Nonverbal Learning Disorders

A nonverbal learning disorder (NLD) is a developmental condition associated with dysfunction in the right cerebral hemisphere. Children with NLD have several strengths including auditory perceptual ability, receptive language, vocabulary, verbal expression, rote verbal memory and attention to small details; however, they also have been linked to various challenges (e.g., reading comprehension, pragmatic communication, math ability, abstract reasoning, coordination and psychomotor skills, social communication, trouble perceiving facial gestures and other nonverbal cues and difficulty adapting to changes and new situations).

Children with NLD and Autism Spectrum Disorder (ASD) have several commonalities. Those with either condition often have difficulty making and keeping friends and understanding nonverbal signals in social situations. However, children with NLD typically learn language at a normal pace and have broader interests than children with ASD (Torppa, 2009). In addition, research suggests that in contrast to children with NLD, children with ASD fail to exhibit a consistent pattern of visual-spatial and nonverbal difficulties, suggesting that the two types of disorders have different cognitive profiles.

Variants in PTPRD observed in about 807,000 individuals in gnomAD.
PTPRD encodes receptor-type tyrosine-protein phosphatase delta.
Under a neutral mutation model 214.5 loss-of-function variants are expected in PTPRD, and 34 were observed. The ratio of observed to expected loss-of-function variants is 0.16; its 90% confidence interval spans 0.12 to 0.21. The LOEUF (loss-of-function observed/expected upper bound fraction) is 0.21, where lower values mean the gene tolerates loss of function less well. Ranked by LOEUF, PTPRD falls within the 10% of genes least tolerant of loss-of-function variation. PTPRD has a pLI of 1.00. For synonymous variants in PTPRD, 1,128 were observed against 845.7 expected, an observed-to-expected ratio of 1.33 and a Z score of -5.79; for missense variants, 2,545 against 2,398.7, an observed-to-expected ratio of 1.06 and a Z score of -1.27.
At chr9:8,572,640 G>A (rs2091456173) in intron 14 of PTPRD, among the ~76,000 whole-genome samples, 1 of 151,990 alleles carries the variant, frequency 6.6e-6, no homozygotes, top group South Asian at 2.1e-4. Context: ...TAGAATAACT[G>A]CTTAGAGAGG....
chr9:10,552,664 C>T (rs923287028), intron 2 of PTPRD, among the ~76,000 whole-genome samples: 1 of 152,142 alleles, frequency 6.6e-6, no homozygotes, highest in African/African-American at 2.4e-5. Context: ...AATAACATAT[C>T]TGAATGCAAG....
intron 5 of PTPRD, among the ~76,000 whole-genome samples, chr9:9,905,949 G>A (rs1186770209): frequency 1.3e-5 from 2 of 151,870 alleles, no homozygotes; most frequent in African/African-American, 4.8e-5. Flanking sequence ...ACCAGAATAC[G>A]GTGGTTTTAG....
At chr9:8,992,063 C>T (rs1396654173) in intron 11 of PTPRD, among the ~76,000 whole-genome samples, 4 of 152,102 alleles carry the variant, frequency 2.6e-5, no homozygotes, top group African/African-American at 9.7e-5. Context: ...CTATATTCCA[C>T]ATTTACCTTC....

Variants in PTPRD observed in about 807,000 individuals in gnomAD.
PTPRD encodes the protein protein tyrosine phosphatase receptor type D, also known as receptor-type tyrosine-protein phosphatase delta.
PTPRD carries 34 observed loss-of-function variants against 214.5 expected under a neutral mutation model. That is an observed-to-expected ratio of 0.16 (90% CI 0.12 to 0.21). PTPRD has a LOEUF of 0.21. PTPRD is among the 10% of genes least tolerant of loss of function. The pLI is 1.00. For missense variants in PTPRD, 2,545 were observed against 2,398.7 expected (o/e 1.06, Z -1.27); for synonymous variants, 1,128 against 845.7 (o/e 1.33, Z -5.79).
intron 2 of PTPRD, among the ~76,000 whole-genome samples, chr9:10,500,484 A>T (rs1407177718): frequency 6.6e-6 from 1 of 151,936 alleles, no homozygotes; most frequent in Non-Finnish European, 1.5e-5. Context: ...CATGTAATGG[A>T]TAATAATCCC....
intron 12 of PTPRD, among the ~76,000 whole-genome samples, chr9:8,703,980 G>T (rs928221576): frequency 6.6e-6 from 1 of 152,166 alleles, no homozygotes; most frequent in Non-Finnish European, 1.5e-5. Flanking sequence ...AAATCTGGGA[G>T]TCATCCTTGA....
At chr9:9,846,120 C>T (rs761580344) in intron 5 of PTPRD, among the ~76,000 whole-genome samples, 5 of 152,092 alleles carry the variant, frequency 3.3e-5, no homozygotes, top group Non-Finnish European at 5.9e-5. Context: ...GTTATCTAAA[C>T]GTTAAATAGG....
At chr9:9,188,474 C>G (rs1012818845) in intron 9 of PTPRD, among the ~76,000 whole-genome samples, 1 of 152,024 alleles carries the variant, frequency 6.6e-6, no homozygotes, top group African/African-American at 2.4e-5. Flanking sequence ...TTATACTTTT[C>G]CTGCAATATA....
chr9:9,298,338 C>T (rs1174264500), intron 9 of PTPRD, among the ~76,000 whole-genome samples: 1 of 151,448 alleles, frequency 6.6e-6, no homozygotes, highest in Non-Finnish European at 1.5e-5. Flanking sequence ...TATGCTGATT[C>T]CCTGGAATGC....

A comprehensive assessment helps in differentiating the two conditions and, more importantly, in successful intervention planning. It will educate the child about his/her strengths (self-esteem challenges are common with both conditions), as well as how to use them to best perform at school and in life.

Other Types of Pediatric Assessments